The videos are fantastic, grainy little capsules of a moment in time, when indie-rock was angrier, weirder, and noisier. It’s the kind of noise we need right now. Here are the ten best videos of 90’s noiserock bands that played at JC Dobbs that you can watch on YouTube right now.

10. Franklin — March 28, 1992

Philly-born noisy emo-punk at its best. Sweet melodies and intricate guitar/rhythmic play that transcended the emo tag. Featuring the legendary Ralph “Major Taylor” Darden on vox / guitar!

9. Babes in Toyland — June 23, 1992

OK, this one is cheating, it wasn’t at JC Dobbs, but instead another lovable divey rock club: the legendary Khyber. But this band was absolutely essential in the 90’ as a huge inspiration for the transformative feminist punk movement riot grrl, and total metallic noise-rock shredders.

8. Shudder to Think — June 15, 1992

Swirling melody, entrancing vocals, and weird songs about sailors. This DC area Dischord label band played with genre and gender in a fun way, but kept the noise intact.

7. Didjits — December 7, 1993

A little more on the theatrical side, this band was like an angry country, baroque 50’s carnival act. Sometimes pushing pop-punk to its noisiest degree, other times just over-the-top punk rock fun.

6. Poster Children — May 3, 1992

I really only knew this band from their infectious track “If You See Kay” (23:44 into the vid), but I’ve found myself putting them on more and more Spotify mixes over the years. Wall of sound indie-punk with that 90’s slacker vibe.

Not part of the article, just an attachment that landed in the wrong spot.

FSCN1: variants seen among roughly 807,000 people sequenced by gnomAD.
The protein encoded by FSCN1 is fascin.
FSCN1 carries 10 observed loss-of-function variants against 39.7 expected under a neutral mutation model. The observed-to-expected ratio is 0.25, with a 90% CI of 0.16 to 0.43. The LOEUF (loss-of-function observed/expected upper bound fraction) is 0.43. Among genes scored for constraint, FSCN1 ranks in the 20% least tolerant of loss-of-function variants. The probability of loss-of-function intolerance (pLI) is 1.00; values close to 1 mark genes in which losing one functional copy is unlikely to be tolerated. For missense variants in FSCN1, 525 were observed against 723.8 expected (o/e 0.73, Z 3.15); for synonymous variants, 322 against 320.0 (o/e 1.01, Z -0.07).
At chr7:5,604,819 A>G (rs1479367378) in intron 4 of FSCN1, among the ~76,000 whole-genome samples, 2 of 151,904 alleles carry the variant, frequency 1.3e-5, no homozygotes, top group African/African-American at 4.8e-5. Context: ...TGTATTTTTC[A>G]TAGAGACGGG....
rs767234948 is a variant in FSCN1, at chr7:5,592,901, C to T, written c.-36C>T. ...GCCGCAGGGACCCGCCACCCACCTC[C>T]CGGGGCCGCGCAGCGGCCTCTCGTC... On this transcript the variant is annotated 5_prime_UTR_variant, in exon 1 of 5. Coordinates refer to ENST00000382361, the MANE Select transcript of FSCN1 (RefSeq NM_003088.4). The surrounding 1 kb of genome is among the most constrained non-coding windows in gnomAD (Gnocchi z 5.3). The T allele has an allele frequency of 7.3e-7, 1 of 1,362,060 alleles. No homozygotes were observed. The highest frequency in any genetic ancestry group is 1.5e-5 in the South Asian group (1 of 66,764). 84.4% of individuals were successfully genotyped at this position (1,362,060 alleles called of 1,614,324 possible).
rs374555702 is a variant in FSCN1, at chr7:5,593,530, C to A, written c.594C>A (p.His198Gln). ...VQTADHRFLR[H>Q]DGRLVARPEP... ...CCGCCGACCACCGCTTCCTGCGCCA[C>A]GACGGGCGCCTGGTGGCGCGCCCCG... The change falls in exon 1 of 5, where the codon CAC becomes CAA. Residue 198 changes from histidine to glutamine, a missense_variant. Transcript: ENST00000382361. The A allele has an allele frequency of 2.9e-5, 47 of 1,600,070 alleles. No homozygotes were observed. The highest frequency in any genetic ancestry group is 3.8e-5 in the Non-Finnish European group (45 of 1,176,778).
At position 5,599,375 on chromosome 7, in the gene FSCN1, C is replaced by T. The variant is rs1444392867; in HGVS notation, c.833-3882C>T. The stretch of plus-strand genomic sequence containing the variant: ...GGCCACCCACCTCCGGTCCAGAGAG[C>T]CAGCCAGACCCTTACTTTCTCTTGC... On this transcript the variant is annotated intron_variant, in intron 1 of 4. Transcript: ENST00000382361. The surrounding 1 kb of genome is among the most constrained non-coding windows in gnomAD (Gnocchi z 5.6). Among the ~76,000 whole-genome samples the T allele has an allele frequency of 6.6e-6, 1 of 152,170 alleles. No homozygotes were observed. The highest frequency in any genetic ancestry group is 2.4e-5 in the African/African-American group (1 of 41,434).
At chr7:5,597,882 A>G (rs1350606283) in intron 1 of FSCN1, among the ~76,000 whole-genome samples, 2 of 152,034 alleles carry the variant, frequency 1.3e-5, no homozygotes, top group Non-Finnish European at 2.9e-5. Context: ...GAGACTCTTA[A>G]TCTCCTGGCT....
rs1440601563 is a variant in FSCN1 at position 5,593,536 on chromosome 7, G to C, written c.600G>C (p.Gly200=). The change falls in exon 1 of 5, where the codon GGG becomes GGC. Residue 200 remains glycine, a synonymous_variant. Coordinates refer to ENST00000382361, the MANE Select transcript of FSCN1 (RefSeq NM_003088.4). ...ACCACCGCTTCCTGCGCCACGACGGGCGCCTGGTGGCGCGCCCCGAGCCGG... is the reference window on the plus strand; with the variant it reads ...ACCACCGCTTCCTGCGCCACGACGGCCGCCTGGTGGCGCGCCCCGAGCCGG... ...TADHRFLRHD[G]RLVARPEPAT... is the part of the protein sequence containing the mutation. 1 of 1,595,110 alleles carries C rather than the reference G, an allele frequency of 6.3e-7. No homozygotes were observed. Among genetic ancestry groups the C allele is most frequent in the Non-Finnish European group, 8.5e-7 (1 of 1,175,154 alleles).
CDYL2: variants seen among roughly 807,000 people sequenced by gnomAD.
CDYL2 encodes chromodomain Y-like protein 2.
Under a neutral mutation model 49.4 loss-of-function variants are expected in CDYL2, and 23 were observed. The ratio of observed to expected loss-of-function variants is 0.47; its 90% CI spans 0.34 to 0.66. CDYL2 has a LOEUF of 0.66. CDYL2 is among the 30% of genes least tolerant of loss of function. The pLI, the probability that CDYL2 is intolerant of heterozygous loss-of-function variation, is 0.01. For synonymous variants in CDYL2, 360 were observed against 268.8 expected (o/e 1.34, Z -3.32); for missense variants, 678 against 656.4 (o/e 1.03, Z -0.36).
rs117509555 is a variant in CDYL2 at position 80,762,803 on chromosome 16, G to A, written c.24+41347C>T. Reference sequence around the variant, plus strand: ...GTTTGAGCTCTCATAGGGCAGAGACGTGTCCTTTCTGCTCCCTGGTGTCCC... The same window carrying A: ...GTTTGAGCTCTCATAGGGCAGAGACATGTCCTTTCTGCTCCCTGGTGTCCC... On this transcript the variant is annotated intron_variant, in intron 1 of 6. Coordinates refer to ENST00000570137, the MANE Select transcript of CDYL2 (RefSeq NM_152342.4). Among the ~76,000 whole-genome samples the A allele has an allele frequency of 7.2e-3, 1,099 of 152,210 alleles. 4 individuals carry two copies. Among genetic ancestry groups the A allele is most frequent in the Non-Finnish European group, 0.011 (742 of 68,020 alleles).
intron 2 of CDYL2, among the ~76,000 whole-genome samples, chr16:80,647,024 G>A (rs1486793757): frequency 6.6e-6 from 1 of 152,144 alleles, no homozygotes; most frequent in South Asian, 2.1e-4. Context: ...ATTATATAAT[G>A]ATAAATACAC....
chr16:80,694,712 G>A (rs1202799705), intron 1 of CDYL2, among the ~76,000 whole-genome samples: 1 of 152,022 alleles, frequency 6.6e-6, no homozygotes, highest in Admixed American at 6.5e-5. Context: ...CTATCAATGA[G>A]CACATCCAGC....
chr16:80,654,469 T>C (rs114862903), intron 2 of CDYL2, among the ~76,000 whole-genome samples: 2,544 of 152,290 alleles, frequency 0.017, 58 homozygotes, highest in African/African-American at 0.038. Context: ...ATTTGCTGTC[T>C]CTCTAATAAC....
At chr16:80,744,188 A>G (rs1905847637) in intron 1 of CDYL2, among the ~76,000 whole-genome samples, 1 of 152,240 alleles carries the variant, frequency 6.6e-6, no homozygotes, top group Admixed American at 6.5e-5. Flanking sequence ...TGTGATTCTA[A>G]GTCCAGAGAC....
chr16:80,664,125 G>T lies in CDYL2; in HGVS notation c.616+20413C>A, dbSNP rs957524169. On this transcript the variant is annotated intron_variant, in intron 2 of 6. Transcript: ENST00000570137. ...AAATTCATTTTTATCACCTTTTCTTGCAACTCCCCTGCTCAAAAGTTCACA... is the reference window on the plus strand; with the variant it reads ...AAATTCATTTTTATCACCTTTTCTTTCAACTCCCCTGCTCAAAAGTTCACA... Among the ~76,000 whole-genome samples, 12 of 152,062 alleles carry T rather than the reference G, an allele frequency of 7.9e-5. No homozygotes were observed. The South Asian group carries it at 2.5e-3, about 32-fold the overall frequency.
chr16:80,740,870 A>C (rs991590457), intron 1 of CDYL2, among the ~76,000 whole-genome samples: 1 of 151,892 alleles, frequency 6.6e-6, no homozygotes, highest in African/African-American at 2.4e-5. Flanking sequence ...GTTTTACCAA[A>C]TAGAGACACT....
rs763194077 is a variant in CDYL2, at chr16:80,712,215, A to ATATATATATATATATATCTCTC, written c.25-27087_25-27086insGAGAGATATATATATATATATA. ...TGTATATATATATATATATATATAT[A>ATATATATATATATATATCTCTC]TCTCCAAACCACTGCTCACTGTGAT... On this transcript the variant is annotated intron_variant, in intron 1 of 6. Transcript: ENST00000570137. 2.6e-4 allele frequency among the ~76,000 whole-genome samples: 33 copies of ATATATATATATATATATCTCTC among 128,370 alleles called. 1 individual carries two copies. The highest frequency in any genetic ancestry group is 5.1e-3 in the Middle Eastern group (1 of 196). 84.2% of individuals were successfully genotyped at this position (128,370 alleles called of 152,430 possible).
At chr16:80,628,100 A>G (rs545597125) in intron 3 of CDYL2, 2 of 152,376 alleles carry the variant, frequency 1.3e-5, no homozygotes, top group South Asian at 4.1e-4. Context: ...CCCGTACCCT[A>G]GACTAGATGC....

5. Tar — October 12, 1993

Similar to Poster Children in sound, yet these guys were on Touch and Go and played with weird, steel and metal guitars that gave their band its wiry, discordant sound.

4. Jawbox — July 21, 1992

This band also had a smash hit, “Savory”, but their washy-guitar and pounding, methodical drumbeats set them apart. John Robbins — ace music producer, D.C. punk cult-figure — and Kim Coletta’s deeply emotional band can still be heard as influences of modern, heavy indie-punk today.

3.  Nirvana — December 7, 1989

Well, duh, obviously this band makes the list. Can you imagine having been there, to see the band that would change music forever workshopping songs like “Teen Spirit” and “About a Boy” to rabid pre-grunge punks? Well, here it is.

2. Tool — May 2, 1992

A surprise entry, perhaps, because Tool aren’t exactly a noise-band, but their music is heavy, dramatic, and definitely a part of the lexicon of bands modern noiserockers call on as an influence. Plus, this video just fucking sweats.

1. Circus Lupus — March 28, 1992

One of the most underrated bands in punk rock history, Circus Lupus raged with serpentine, simmering angst. Led by enigmatic screamer Chris Thomson, the band played a disorienting brand of punk rock that sounded like the Rolling Stones getting beat up at their practice space by the Circle Jerks in the middle of doing a Joy Division cover. This is the purest sound of noiserock, played by one of the genre’s best bands, captured here in a glorious moment.